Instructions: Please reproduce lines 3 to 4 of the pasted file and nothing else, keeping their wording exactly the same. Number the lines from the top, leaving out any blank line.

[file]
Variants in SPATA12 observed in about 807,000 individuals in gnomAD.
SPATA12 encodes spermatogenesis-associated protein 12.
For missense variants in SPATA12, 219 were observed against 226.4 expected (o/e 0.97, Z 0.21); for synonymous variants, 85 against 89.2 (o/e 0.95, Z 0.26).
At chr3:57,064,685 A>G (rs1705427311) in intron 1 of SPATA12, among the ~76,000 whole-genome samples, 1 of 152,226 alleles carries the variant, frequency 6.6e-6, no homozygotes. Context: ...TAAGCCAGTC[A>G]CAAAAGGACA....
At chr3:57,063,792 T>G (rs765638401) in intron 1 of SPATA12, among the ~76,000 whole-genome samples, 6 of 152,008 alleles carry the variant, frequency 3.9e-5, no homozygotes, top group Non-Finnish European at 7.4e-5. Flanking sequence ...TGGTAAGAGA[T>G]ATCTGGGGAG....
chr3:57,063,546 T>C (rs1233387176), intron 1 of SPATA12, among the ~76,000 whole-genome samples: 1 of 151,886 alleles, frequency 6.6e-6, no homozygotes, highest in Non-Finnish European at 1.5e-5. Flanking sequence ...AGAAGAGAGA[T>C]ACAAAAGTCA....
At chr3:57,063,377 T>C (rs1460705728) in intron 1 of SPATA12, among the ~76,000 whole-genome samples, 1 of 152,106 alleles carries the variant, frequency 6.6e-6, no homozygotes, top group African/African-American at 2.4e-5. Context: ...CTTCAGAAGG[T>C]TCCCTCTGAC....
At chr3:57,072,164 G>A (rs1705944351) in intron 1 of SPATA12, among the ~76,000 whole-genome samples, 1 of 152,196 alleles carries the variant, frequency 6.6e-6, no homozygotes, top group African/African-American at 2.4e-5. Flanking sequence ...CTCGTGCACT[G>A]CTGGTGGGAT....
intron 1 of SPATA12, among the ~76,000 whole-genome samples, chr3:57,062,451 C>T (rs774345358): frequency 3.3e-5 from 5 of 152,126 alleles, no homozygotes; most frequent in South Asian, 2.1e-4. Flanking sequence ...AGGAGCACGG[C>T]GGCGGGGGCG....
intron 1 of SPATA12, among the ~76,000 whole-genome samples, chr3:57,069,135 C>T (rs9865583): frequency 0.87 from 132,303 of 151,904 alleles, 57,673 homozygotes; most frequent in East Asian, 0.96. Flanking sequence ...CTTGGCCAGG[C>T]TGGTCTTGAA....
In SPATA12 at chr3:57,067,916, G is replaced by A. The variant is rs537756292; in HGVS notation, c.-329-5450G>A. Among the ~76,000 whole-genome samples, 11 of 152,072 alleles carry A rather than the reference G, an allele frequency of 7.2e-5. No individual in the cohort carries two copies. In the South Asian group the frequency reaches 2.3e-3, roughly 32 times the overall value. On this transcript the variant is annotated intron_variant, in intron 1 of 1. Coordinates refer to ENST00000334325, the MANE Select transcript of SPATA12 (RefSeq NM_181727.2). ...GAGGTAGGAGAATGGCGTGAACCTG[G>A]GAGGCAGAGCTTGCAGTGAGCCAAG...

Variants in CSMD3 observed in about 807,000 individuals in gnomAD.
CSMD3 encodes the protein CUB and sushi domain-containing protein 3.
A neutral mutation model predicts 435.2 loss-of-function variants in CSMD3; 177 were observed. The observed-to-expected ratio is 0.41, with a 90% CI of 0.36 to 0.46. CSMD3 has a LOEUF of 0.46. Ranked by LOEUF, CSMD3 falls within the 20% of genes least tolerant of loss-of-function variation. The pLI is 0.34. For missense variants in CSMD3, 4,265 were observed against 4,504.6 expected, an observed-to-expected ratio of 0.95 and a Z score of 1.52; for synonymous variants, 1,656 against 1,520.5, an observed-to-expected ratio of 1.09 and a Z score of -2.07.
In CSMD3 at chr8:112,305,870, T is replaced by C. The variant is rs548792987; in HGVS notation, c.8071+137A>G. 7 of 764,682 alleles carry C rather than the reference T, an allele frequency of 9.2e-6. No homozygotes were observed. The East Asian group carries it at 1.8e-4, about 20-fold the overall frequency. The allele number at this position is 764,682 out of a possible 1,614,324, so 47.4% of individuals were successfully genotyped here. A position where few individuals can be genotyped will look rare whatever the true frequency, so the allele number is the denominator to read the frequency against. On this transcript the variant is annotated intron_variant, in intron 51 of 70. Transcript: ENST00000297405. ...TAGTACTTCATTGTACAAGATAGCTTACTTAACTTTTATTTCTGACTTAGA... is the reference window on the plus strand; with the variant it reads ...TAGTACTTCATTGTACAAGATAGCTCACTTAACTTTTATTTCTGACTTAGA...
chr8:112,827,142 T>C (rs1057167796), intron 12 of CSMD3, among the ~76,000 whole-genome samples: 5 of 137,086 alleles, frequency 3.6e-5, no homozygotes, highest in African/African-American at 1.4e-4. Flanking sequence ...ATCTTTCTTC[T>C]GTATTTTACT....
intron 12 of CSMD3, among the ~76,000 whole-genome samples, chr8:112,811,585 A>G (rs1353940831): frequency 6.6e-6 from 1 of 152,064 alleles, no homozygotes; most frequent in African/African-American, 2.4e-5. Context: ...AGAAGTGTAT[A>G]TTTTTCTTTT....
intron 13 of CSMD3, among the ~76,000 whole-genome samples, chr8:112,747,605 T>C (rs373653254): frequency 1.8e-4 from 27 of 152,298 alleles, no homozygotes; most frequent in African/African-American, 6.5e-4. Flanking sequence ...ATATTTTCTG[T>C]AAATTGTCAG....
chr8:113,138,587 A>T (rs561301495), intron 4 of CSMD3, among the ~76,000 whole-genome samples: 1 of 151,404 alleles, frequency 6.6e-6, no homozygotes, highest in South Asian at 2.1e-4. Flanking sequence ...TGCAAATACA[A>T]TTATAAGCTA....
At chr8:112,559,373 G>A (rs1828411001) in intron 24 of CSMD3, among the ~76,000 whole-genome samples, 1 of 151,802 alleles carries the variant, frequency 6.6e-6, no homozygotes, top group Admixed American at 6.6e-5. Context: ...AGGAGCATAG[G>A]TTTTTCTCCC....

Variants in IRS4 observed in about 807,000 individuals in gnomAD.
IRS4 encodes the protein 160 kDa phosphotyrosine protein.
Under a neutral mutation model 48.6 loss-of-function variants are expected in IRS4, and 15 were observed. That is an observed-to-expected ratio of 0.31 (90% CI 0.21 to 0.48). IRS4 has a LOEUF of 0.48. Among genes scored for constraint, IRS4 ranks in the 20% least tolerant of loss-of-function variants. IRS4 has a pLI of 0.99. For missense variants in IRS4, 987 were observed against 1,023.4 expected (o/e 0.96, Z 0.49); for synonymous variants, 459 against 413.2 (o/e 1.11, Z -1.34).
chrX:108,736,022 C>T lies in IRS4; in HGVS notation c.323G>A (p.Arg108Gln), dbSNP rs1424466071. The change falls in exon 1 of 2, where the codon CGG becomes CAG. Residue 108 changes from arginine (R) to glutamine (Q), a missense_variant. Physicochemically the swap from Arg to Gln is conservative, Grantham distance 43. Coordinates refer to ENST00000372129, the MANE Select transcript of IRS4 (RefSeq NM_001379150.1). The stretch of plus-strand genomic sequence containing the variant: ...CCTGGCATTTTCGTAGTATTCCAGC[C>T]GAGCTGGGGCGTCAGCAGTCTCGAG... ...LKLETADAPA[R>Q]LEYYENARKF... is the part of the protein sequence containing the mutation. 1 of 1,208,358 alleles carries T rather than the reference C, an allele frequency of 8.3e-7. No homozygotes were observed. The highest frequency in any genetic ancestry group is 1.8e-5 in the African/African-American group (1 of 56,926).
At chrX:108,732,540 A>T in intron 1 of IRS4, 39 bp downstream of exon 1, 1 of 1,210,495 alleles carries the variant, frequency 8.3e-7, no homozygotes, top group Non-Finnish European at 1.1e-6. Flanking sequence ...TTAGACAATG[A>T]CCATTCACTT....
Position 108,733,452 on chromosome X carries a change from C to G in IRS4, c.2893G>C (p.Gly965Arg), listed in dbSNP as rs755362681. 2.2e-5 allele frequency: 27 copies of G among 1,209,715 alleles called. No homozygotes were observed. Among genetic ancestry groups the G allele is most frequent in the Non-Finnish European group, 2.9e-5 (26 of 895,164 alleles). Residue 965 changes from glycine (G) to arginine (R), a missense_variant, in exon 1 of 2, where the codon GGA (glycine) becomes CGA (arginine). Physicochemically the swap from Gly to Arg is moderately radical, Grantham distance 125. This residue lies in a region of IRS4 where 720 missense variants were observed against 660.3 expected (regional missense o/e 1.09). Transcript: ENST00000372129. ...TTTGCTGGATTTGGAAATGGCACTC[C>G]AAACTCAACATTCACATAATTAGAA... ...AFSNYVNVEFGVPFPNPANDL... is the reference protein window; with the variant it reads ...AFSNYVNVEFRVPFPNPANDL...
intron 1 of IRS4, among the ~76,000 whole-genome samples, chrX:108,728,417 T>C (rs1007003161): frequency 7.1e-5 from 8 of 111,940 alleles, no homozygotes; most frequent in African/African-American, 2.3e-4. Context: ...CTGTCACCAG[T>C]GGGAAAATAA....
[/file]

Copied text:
For missense variants in SPATA12, 219 were observed against 226.4 expected (o/e 0.97, Z 0.21); for synonymous variants, 85 against 89.2 (o/e 0.95, Z 0.26).
At chr3:57,064,685 A>G (rs1705427311) in intron 1 of SPATA12, among the ~76,000 whole-genome samples, 1 of 152,226 alleles carries the variant, frequency 6.6e-6, no homozygotes. Context: ...TAAGCCAGTC[A>G]CAAAAGGACA....